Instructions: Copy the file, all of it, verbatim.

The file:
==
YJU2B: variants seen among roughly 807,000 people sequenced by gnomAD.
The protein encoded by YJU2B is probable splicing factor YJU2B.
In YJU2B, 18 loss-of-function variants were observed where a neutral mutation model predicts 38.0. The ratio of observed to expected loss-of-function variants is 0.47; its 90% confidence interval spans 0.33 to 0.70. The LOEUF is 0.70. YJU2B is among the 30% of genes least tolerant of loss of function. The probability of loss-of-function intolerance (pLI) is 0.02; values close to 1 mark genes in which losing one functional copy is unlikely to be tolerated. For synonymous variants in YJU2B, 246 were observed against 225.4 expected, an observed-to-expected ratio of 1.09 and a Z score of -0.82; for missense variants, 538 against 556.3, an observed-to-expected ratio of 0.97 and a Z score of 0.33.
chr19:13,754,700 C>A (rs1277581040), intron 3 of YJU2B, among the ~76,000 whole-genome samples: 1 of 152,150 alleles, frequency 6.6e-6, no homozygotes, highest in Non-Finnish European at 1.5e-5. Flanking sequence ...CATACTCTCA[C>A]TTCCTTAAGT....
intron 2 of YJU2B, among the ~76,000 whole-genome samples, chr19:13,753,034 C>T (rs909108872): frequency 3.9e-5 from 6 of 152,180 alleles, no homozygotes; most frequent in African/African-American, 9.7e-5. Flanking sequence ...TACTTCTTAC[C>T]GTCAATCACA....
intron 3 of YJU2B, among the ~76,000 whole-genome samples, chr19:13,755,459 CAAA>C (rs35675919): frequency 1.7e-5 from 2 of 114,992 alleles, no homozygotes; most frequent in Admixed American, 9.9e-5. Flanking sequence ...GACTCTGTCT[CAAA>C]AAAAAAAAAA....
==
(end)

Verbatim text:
YJU2B: variants seen among roughly 807,000 people sequenced by gnomAD.
The protein encoded by YJU2B is probable splicing factor YJU2B.
In YJU2B, 18 loss-of-function variants were observed where a neutral mutation model predicts 38.0. The ratio of observed to expected loss-of-function variants is 0.47; its 90% confidence interval spans 0.33 to 0.70. The LOEUF is 0.70. YJU2B is among the 30% of genes least tolerant of loss of function. The probability of loss-of-function intolerance (pLI) is 0.02; values close to 1 mark genes in which losing one functional copy is unlikely to be tolerated. For synonymous variants in YJU2B, 246 were observed against 225.4 expected, an observed-to-expected ratio of 1.09 and a Z score of -0.82; for missense variants, 538 against 556.3, an observed-to-expected ratio of 0.97 and a Z score of 0.33.
chr19:13,754,700 C>A (rs1277581040), intron 3 of YJU2B, among the ~76,000 whole-genome samples: 1 of 152,150 alleles, frequency 6.6e-6, no homozygotes, highest in Non-Finnish European at 1.5e-5. Flanking sequence ...CATACTCTCA[C>A]TTCCTTAAGT....
intron 2 of YJU2B, among the ~76,000 whole-genome samples, chr19:13,753,034 C>T (rs909108872): frequency 3.9e-5 from 6 of 152,180 alleles, no homozygotes; most frequent in African/African-American, 9.7e-5. Flanking sequence ...TACTTCTTAC[C>T]GTCAATCACA....
intron 3 of YJU2B, among the ~76,000 whole-genome samples, chr19:13,755,459 CAAA>C (rs35675919): frequency 1.7e-5 from 2 of 114,992 alleles, no homozygotes; most frequent in Admixed American, 9.9e-5. Flanking sequence ...GACTCTGTCT[CAAA>C]AAAAAAAAAA....